Should China be bothered by how the West thinks when it becomes stronger?
Published: Nov 29, 2021 09:35 PM
Germany's new foreign minister and co-leader of the Green Party Annalena Baerbock. Photo: AFP

Germany's new foreign minister and co-leader of the Green Party Annalena Baerbock. Photo: AFP

When Germany sees the coming in of its post-Merkel new coalition government, concerns over a scenario - relations with China may become bumpy - have surfaced. In the new three-way coalition, Annalena Baerbock, co-leader of the Green Party, is set to become the country's next foreign minister. Since Baerbock has been urging a tougher stance on China, China-Germany relations may encounter a transition period of more frictions. 

Navina Heyden, a German blogger, pointed this out: I don't get the idea of some people - as long as China becomes stronger, its ties with the world will get better… No one in Europe would think so.

Some netizens sensed a subtext here: When China becomes stronger, its relations with the world could get worse. This is obviously believed by quite a few Germans in particular and Westerners in general. 

Compared with most German influencers, Heyden is relatively objective in her views about China. However, she has suffered waves of cyber violence from within Germany since 2020 simply because she said something in fairness to China's fight against COVID-19. Her case is a vivid example of how people in Germany and other Western countries deal with China-related information through distortion. They won't embrace voices that contradict their stereotype about China, or those that can prove China has done something right.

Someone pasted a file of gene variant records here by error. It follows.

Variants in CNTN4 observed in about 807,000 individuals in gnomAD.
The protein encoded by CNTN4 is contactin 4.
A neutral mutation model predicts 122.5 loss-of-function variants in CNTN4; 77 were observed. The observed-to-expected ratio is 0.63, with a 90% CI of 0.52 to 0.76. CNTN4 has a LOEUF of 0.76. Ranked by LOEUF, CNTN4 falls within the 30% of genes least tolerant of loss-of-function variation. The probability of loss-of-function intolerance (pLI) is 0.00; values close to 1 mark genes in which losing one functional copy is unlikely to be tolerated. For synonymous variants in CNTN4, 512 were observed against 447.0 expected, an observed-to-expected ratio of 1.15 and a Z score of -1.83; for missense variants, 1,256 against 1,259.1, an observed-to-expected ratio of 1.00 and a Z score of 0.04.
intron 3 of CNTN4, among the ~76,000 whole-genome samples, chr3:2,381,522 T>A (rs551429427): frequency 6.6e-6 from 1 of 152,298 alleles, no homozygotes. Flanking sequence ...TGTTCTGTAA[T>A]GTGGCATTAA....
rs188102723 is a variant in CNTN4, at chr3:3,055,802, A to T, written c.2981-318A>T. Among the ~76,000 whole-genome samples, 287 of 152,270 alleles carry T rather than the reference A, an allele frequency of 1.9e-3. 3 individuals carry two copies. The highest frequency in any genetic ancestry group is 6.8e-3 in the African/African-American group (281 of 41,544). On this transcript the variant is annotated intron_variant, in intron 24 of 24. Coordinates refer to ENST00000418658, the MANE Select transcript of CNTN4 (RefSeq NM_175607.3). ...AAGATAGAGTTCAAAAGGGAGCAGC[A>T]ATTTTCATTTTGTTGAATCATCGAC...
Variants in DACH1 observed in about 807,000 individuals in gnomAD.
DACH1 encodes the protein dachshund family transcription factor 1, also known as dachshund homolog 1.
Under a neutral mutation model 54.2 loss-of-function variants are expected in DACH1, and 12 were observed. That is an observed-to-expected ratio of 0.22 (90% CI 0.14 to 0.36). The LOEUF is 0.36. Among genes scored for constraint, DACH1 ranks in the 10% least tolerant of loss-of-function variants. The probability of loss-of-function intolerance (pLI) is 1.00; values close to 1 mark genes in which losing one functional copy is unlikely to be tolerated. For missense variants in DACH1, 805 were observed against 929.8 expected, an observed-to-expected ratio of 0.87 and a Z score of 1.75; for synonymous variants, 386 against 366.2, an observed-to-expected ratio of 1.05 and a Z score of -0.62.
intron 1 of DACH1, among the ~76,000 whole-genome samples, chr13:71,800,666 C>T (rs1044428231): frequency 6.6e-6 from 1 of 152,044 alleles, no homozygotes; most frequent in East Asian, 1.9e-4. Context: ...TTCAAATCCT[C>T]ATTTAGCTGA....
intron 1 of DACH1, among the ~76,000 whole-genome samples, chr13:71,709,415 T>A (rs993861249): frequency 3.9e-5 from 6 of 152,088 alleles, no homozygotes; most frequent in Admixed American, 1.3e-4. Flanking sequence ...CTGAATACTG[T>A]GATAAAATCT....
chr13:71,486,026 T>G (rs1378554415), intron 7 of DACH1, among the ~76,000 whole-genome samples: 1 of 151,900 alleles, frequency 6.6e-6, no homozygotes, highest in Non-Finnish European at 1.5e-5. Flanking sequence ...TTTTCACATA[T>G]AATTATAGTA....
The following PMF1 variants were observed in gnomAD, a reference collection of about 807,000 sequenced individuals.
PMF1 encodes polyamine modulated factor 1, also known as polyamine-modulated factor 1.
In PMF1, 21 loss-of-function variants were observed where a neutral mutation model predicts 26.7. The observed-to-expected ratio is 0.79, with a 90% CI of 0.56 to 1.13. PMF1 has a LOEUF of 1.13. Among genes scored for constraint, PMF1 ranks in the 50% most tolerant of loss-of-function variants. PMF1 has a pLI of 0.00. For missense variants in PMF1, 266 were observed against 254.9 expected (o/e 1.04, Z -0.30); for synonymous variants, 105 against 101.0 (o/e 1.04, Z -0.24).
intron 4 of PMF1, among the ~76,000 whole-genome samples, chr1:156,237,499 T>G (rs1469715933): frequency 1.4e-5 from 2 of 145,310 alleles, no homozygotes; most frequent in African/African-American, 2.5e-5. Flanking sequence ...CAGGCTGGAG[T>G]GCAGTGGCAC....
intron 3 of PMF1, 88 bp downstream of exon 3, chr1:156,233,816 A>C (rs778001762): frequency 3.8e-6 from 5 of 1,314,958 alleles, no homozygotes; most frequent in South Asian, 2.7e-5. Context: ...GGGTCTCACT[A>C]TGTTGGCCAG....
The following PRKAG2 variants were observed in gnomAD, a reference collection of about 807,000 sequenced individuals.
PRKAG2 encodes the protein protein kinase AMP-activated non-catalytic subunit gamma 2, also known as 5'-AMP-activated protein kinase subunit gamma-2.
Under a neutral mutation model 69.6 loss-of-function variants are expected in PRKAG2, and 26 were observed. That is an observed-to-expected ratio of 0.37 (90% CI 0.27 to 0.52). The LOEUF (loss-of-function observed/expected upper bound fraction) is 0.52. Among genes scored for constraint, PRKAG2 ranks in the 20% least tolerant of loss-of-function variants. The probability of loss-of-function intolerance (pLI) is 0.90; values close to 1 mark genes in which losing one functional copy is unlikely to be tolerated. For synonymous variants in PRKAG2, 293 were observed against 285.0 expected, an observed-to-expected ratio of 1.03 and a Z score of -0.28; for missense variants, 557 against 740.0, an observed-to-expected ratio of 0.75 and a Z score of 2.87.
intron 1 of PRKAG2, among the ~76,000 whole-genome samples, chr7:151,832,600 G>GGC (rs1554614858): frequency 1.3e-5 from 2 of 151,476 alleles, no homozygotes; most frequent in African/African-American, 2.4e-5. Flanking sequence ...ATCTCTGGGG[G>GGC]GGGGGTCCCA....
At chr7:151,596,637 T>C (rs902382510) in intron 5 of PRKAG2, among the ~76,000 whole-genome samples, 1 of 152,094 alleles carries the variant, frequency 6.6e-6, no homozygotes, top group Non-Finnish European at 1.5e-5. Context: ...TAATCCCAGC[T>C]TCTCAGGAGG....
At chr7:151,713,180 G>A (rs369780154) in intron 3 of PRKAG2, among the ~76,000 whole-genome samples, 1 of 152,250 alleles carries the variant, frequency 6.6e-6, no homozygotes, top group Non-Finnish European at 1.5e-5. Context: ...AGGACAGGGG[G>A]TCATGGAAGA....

"Media outlets and elites in Europe and the US have been gripping the power to interpret everything about China. The core intent of such a move is defending the legitimacy and correctness of the path and model of the Western system," Shen Yi, a professor at the School of International Relations and Public Affairs of Fudan University, told Global Times. 

The point is not China getting stronger. The point is Western societies simply cannot accept a country with a totally different ideology and system getting stronger, as they have spared no effort denying its ideology and system. Otherwise, they will have to explain why they are wrong. "This is a life-or-death debate, there is no middle ground for the West," Shen said. 

It is not that the West has no access to the truth; they just don't want the access. They won't even be willing to understand China even if China would like to switch to a set of rhetoric that can make the West feel much more comfortable, according to Shen. China's development will only make Westerners feel unsatisfied with their own lives, and make them question their own system. So why bother admitting an emerging China or anything China could be right about? No, the West does not want to understand China now, and not in the future, either. 

Heyden is right about one thing - even if China becomes stronger, the process itself won't naturally resolve the diplomatic puzzles China is being confronted with. But when she wished the strong China to do more in reining in anti-China forces in the West, she forgot how impossible it is to wake someone pretending to have fallen asleep. 

The rise of China has benefitted the world, including Western countries, Sun Keqin, a research fellow at the China Institutes of Contemporary International Relations, told the Global Times. "And no matter how hard the West has tried, they could never divide the world into two antagonistic camps anymore in this era of globalization," Sun said. 

China-US relations are still frosty, but economic ties between the two are somehow recovering. Anti-China voices are rising in Germany. Yet even under the severe impact of COVID-19, China-Germany economic cooperation has shown strong resilience, with the bilateral trade volume in the first three quarters of the year increasing by nearly 30 percent, according to Chinese Ambassador to Germany Wu Ken. 

Observers wonder why economic cooperation cannot necessarily bring a stable overall relationship. The question is who is to blame when China offers its hands but the West covers its eyes? 

Instead of analyzing how the Green Party and the Free Democratic Party, two parties of the German coalition government, are close to US ideology, a more crucial factor should not be overlooked: Thanks to the West's habitual distortion of the truth about China, the distance between the hearts of China and Germany is already too wide.